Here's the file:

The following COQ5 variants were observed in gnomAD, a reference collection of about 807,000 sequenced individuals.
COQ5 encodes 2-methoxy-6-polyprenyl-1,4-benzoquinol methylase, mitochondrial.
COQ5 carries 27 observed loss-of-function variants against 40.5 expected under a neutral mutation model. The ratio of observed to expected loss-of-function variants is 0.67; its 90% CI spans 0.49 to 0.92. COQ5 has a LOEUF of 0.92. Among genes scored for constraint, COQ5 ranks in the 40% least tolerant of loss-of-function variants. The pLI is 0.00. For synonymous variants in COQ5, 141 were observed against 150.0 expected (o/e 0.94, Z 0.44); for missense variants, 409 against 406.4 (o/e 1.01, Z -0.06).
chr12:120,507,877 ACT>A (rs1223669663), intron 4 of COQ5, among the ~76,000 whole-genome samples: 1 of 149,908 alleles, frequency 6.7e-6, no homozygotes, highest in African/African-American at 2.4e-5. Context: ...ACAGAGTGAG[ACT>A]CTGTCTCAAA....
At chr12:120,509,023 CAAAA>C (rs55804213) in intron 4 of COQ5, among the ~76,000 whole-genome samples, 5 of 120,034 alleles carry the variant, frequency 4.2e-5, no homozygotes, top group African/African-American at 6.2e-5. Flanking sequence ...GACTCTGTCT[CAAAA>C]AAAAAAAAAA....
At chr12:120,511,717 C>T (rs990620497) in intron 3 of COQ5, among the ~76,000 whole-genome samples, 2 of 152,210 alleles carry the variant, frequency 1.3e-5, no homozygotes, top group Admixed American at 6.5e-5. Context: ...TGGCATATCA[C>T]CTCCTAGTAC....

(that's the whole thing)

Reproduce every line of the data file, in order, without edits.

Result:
The following COQ5 variants were observed in gnomAD, a reference collection of about 807,000 sequenced individuals.
COQ5 encodes 2-methoxy-6-polyprenyl-1,4-benzoquinol methylase, mitochondrial.
COQ5 carries 27 observed loss-of-function variants against 40.5 expected under a neutral mutation model. The ratio of observed to expected loss-of-function variants is 0.67; its 90% CI spans 0.49 to 0.92. COQ5 has a LOEUF of 0.92. Among genes scored for constraint, COQ5 ranks in the 40% least tolerant of loss-of-function variants. The pLI is 0.00. For synonymous variants in COQ5, 141 were observed against 150.0 expected (o/e 0.94, Z 0.44); for missense variants, 409 against 406.4 (o/e 1.01, Z -0.06).
chr12:120,507,877 ACT>A (rs1223669663), intron 4 of COQ5, among the ~76,000 whole-genome samples: 1 of 149,908 alleles, frequency 6.7e-6, no homozygotes, highest in African/African-American at 2.4e-5. Context: ...ACAGAGTGAG[ACT>A]CTGTCTCAAA....
At chr12:120,509,023 CAAAA>C (rs55804213) in intron 4 of COQ5, among the ~76,000 whole-genome samples, 5 of 120,034 alleles carry the variant, frequency 4.2e-5, no homozygotes, top group African/African-American at 6.2e-5. Flanking sequence ...GACTCTGTCT[CAAAA>C]AAAAAAAAAA....
At chr12:120,511,717 C>T (rs990620497) in intron 3 of COQ5, among the ~76,000 whole-genome samples, 2 of 152,210 alleles carry the variant, frequency 1.3e-5, no homozygotes, top group Admixed American at 6.5e-5. Context: ...TGGCATATCA[C>T]CTCCTAGTAC....